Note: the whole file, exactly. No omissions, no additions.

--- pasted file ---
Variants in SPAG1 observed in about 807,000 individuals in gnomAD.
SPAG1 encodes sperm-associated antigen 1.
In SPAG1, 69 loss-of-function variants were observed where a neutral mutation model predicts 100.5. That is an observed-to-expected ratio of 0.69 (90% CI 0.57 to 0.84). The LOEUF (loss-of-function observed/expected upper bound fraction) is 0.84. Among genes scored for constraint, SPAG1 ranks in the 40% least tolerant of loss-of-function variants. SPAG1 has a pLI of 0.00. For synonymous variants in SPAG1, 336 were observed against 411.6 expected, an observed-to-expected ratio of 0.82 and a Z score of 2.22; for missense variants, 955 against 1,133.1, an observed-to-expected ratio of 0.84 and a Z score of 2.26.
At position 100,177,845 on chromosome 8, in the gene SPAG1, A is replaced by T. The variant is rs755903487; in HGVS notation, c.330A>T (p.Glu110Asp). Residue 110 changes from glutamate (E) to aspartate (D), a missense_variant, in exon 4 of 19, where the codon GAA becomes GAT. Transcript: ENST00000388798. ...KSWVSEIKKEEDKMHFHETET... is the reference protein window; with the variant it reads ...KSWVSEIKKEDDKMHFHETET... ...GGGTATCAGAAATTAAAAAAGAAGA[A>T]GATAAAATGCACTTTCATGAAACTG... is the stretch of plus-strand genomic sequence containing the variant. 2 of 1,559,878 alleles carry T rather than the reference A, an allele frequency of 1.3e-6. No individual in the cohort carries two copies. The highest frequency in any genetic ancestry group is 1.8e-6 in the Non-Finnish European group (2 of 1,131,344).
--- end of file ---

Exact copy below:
Variants in SPAG1 observed in about 807,000 individuals in gnomAD.
SPAG1 encodes sperm-associated antigen 1.
In SPAG1, 69 loss-of-function variants were observed where a neutral mutation model predicts 100.5. That is an observed-to-expected ratio of 0.69 (90% CI 0.57 to 0.84). The LOEUF (loss-of-function observed/expected upper bound fraction) is 0.84. Among genes scored for constraint, SPAG1 ranks in the 40% least tolerant of loss-of-function variants. SPAG1 has a pLI of 0.00. For synonymous variants in SPAG1, 336 were observed against 411.6 expected, an observed-to-expected ratio of 0.82 and a Z score of 2.22; for missense variants, 955 against 1,133.1, an observed-to-expected ratio of 0.84 and a Z score of 2.26.
At position 100,177,845 on chromosome 8, in the gene SPAG1, A is replaced by T. The variant is rs755903487; in HGVS notation, c.330A>T (p.Glu110Asp). Residue 110 changes from glutamate (E) to aspartate (D), a missense_variant, in exon 4 of 19, where the codon GAA becomes GAT. Transcript: ENST00000388798. ...KSWVSEIKKEEDKMHFHETET... is the reference protein window; with the variant it reads ...KSWVSEIKKEDDKMHFHETET... ...GGGTATCAGAAATTAAAAAAGAAGA[A>T]GATAAAATGCACTTTCATGAAACTG... is the stretch of plus-strand genomic sequence containing the variant. 2 of 1,559,878 alleles carry T rather than the reference A, an allele frequency of 1.3e-6. No individual in the cohort carries two copies. The highest frequency in any genetic ancestry group is 1.8e-6 in the Non-Finnish European group (2 of 1,131,344).